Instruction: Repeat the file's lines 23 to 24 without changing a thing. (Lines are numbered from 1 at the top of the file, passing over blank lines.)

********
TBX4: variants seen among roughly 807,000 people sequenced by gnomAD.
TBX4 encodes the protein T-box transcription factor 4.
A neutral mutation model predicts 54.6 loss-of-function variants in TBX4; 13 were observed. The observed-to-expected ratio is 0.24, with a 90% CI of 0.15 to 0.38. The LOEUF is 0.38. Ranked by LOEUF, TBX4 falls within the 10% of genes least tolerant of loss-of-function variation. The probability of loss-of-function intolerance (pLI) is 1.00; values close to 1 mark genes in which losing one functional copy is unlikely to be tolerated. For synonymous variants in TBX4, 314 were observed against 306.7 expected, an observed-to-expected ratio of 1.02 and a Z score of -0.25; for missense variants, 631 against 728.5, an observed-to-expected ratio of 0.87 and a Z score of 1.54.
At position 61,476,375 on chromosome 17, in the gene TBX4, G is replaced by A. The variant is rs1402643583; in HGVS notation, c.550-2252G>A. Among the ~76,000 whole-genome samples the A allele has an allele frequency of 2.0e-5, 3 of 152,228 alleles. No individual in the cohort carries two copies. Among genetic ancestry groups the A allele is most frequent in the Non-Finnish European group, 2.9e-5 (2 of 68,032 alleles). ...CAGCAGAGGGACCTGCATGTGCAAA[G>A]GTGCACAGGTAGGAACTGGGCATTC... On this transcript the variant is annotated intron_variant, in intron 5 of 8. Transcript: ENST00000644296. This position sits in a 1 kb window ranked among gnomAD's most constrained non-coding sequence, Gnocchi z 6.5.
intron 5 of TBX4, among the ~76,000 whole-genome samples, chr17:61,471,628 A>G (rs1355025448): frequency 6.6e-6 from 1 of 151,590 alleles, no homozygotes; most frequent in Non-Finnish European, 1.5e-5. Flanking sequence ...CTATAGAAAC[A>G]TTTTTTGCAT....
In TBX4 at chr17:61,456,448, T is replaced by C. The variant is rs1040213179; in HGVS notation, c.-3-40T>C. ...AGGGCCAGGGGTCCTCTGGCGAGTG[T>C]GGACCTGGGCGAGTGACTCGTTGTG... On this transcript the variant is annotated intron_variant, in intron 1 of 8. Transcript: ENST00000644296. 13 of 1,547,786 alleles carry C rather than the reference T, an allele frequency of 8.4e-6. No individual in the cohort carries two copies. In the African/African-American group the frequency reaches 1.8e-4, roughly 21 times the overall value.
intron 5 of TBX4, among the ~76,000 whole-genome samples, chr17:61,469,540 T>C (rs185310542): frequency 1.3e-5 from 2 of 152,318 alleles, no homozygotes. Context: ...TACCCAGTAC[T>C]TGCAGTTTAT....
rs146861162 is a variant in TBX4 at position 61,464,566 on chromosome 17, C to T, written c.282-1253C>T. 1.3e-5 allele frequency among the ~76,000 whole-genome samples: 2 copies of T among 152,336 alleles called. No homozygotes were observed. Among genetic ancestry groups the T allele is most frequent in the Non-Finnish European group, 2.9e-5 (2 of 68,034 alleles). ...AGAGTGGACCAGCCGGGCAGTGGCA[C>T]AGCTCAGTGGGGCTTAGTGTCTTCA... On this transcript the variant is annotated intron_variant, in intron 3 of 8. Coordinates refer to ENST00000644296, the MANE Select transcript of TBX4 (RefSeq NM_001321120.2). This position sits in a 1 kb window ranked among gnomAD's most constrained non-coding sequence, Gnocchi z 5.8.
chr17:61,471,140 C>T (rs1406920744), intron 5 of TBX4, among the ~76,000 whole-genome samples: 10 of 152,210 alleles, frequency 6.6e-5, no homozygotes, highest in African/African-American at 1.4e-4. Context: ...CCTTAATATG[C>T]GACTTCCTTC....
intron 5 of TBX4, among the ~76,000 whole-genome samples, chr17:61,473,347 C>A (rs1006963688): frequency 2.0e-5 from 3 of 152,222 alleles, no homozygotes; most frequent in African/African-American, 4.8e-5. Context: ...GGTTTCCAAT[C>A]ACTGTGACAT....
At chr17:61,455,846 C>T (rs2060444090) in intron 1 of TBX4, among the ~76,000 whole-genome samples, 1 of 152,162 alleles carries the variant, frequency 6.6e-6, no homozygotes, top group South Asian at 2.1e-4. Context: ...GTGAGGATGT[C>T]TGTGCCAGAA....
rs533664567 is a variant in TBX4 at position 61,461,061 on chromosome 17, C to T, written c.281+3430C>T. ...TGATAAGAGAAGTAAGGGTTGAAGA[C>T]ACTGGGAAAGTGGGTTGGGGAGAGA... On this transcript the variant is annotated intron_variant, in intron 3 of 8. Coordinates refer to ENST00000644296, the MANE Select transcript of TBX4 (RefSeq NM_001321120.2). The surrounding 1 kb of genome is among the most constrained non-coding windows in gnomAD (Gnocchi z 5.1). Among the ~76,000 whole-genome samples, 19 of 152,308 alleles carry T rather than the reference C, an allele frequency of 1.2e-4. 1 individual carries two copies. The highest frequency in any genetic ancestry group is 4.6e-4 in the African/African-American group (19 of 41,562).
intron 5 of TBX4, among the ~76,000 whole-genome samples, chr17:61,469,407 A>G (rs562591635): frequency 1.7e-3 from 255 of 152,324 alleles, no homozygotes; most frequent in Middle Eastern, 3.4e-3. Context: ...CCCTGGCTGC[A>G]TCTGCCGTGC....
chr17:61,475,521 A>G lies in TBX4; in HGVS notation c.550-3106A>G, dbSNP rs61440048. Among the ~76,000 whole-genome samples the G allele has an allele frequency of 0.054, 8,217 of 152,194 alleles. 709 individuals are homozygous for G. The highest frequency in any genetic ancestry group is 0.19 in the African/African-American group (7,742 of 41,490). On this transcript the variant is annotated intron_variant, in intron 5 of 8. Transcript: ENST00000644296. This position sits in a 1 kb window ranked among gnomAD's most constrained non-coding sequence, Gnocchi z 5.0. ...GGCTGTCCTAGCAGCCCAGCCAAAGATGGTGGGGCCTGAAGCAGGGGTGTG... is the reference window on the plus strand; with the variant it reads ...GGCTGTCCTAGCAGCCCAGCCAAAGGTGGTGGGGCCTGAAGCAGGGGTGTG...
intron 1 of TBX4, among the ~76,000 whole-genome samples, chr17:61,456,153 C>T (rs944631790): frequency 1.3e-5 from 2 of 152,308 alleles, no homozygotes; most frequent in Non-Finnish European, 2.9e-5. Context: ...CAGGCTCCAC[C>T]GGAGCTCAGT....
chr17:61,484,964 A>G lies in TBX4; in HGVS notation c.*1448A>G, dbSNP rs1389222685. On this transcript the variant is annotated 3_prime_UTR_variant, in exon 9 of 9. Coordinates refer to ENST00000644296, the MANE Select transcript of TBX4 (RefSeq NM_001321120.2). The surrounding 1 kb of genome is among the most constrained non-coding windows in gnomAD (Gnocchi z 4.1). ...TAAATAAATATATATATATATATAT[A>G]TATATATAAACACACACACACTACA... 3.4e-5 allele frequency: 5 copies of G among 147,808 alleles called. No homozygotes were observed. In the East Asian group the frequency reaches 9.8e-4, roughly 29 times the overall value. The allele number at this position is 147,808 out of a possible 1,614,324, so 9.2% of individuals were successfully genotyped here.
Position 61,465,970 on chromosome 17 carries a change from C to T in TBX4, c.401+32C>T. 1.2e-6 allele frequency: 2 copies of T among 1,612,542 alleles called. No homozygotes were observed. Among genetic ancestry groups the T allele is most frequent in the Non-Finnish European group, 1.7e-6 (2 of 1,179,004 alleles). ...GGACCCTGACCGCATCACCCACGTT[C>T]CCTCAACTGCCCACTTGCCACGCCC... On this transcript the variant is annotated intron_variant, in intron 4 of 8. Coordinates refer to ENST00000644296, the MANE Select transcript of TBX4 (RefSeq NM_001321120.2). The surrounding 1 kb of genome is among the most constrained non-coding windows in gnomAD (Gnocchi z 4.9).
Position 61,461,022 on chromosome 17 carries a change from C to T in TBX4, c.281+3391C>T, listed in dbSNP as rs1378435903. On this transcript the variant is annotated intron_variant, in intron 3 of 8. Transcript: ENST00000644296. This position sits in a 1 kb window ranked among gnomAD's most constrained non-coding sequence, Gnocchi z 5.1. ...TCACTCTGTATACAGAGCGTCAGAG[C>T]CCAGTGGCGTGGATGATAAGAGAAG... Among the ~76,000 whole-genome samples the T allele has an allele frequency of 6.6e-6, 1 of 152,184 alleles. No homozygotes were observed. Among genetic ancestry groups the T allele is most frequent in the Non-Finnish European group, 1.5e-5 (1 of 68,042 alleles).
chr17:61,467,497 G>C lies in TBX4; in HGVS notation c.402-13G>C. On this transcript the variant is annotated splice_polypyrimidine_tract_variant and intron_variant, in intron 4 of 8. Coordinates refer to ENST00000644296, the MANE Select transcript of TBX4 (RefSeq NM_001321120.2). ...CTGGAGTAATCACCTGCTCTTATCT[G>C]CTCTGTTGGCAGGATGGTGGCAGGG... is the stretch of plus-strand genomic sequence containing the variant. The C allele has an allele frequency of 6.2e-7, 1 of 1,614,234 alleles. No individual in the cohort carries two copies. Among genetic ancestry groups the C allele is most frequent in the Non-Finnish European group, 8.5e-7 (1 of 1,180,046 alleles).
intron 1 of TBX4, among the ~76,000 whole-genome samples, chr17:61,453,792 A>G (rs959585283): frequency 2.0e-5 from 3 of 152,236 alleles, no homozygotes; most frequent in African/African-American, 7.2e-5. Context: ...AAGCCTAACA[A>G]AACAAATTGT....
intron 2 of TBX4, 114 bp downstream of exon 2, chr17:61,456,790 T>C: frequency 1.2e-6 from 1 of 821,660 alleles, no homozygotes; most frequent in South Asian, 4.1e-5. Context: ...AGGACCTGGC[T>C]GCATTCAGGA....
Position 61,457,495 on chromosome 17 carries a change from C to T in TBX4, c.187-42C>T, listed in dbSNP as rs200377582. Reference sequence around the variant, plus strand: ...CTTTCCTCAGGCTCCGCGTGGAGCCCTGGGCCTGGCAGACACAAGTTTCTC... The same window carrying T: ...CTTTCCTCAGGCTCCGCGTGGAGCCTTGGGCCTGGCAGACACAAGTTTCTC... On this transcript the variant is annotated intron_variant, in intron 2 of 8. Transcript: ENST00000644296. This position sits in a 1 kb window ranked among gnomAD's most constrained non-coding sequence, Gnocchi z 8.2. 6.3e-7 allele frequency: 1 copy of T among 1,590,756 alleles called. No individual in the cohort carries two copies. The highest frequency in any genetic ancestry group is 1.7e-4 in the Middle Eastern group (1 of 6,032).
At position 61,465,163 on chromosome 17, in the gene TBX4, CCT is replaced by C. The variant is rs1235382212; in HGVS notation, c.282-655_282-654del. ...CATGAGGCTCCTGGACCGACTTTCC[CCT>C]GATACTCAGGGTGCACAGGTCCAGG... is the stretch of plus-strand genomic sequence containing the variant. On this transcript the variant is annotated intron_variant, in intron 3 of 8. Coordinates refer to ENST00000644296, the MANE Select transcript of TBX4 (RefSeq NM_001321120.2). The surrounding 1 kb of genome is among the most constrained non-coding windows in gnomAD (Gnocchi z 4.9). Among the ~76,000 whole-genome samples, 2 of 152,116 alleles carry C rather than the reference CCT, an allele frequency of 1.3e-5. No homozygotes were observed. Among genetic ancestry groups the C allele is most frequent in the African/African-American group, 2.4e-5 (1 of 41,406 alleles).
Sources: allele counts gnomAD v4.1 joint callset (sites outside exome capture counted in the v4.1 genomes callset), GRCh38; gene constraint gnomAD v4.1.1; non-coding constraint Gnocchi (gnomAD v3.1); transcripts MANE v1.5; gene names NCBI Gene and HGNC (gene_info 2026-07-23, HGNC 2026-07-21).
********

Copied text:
At position 61,465,163 on chromosome 17, in the gene TBX4, CCT is replaced by C. The variant is rs1235382212; in HGVS notation, c.282-655_282-654del. ...CATGAGGCTCCTGGACCGACTTTCC[CCT>C]GATACTCAGGGTGCACAGGTCCAGG... is the stretch of plus-strand genomic sequence containing the variant. On this transcript the variant is annotated intron_variant, in intron 3 of 8. Coordinates refer to ENST00000644296, the MANE Select transcript of TBX4 (RefSeq NM_001321120.2). The surrounding 1 kb of genome is among the most constrained non-coding windows in gnomAD (Gnocchi z 4.9). Among the ~76,000 whole-genome samples, 2 of 152,116 alleles carry C rather than the reference CCT, an allele frequency of 1.3e-5. No homozygotes were observed. Among genetic ancestry groups the C allele is most frequent in the African/African-American group, 2.4e-5 (1 of 41,406 alleles).
Sources: allele counts gnomAD v4.1 joint callset (sites outside exome capture counted in the v4.1 genomes callset), GRCh38; gene constraint gnomAD v4.1.1; non-coding constraint Gnocchi (gnomAD v3.1); transcripts MANE v1.5; gene names NCBI Gene and HGNC (gene_info 2026-07-23, HGNC 2026-07-21).